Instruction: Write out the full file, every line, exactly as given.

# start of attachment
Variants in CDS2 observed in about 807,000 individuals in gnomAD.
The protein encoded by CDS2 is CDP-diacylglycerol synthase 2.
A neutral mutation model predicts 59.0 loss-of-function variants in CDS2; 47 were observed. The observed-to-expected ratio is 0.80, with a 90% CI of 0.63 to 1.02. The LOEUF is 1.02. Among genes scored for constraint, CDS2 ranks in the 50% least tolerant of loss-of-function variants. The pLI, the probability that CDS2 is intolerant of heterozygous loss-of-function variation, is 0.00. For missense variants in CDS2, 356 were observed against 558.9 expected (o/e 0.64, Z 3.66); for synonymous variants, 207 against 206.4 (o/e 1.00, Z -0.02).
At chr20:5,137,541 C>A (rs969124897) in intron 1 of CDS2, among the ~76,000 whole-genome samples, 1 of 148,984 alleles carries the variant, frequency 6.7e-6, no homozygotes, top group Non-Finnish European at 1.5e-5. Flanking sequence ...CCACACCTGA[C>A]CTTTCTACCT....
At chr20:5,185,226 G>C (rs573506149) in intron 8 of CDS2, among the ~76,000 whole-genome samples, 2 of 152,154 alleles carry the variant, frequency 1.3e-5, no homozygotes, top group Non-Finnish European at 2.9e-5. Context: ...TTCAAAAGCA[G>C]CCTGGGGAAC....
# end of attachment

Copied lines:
Variants in CDS2 observed in about 807,000 individuals in gnomAD.
The protein encoded by CDS2 is CDP-diacylglycerol synthase 2.
A neutral mutation model predicts 59.0 loss-of-function variants in CDS2; 47 were observed. The observed-to-expected ratio is 0.80, with a 90% CI of 0.63 to 1.02. The LOEUF is 1.02. Among genes scored for constraint, CDS2 ranks in the 50% least tolerant of loss-of-function variants. The pLI, the probability that CDS2 is intolerant of heterozygous loss-of-function variation, is 0.00. For missense variants in CDS2, 356 were observed against 558.9 expected (o/e 0.64, Z 3.66); for synonymous variants, 207 against 206.4 (o/e 1.00, Z -0.02).
At chr20:5,137,541 C>A (rs969124897) in intron 1 of CDS2, among the ~76,000 whole-genome samples, 1 of 148,984 alleles carries the variant, frequency 6.7e-6, no homozygotes, top group Non-Finnish European at 1.5e-5. Flanking sequence ...CCACACCTGA[C>A]CTTTCTACCT....
At chr20:5,185,226 G>C (rs573506149) in intron 8 of CDS2, among the ~76,000 whole-genome samples, 2 of 152,154 alleles carry the variant, frequency 1.3e-5, no homozygotes, top group Non-Finnish European at 2.9e-5. Context: ...TTCAAAAGCA[G>C]CCTGGGGAAC....